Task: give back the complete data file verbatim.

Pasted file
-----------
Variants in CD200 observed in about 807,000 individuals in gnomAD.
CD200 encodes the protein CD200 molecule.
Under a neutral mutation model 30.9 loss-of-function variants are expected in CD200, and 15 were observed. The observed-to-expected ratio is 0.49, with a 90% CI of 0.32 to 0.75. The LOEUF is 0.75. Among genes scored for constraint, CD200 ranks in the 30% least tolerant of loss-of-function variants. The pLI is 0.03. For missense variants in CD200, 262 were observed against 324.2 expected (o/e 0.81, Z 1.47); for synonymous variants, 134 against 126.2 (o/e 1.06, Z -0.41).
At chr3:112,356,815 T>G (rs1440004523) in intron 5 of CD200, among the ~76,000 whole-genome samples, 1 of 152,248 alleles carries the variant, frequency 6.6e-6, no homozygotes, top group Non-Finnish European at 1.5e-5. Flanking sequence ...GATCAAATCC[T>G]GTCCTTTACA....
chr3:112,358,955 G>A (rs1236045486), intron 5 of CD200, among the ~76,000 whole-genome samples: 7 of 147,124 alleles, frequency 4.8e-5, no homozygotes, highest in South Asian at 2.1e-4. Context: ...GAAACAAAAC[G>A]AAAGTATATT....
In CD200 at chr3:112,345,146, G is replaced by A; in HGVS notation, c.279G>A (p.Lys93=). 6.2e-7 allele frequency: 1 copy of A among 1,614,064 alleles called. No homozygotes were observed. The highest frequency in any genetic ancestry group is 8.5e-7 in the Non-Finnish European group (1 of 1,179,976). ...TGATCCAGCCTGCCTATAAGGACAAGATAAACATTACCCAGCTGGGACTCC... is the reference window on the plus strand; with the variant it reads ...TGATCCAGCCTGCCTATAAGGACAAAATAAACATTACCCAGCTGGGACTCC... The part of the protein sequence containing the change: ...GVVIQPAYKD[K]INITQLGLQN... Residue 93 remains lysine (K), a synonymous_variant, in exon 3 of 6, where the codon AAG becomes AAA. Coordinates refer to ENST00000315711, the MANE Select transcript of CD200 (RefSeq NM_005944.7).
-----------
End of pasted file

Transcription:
Variants in CD200 observed in about 807,000 individuals in gnomAD.
CD200 encodes the protein CD200 molecule.
Under a neutral mutation model 30.9 loss-of-function variants are expected in CD200, and 15 were observed. The observed-to-expected ratio is 0.49, with a 90% CI of 0.32 to 0.75. The LOEUF is 0.75. Among genes scored for constraint, CD200 ranks in the 30% least tolerant of loss-of-function variants. The pLI is 0.03. For missense variants in CD200, 262 were observed against 324.2 expected (o/e 0.81, Z 1.47); for synonymous variants, 134 against 126.2 (o/e 1.06, Z -0.41).
At chr3:112,356,815 T>G (rs1440004523) in intron 5 of CD200, among the ~76,000 whole-genome samples, 1 of 152,248 alleles carries the variant, frequency 6.6e-6, no homozygotes, top group Non-Finnish European at 1.5e-5. Flanking sequence ...GATCAAATCC[T>G]GTCCTTTACA....
chr3:112,358,955 G>A (rs1236045486), intron 5 of CD200, among the ~76,000 whole-genome samples: 7 of 147,124 alleles, frequency 4.8e-5, no homozygotes, highest in South Asian at 2.1e-4. Context: ...GAAACAAAAC[G>A]AAAGTATATT....
In CD200 at chr3:112,345,146, G is replaced by A; in HGVS notation, c.279G>A (p.Lys93=). 6.2e-7 allele frequency: 1 copy of A among 1,614,064 alleles called. No homozygotes were observed. The highest frequency in any genetic ancestry group is 8.5e-7 in the Non-Finnish European group (1 of 1,179,976). ...TGATCCAGCCTGCCTATAAGGACAAGATAAACATTACCCAGCTGGGACTCC... is the reference window on the plus strand; with the variant it reads ...TGATCCAGCCTGCCTATAAGGACAAAATAAACATTACCCAGCTGGGACTCC... The part of the protein sequence containing the change: ...GVVIQPAYKD[K]INITQLGLQN... Residue 93 remains lysine (K), a synonymous_variant, in exon 3 of 6, where the codon AAG becomes AAA. Coordinates refer to ENST00000315711, the MANE Select transcript of CD200 (RefSeq NM_005944.7).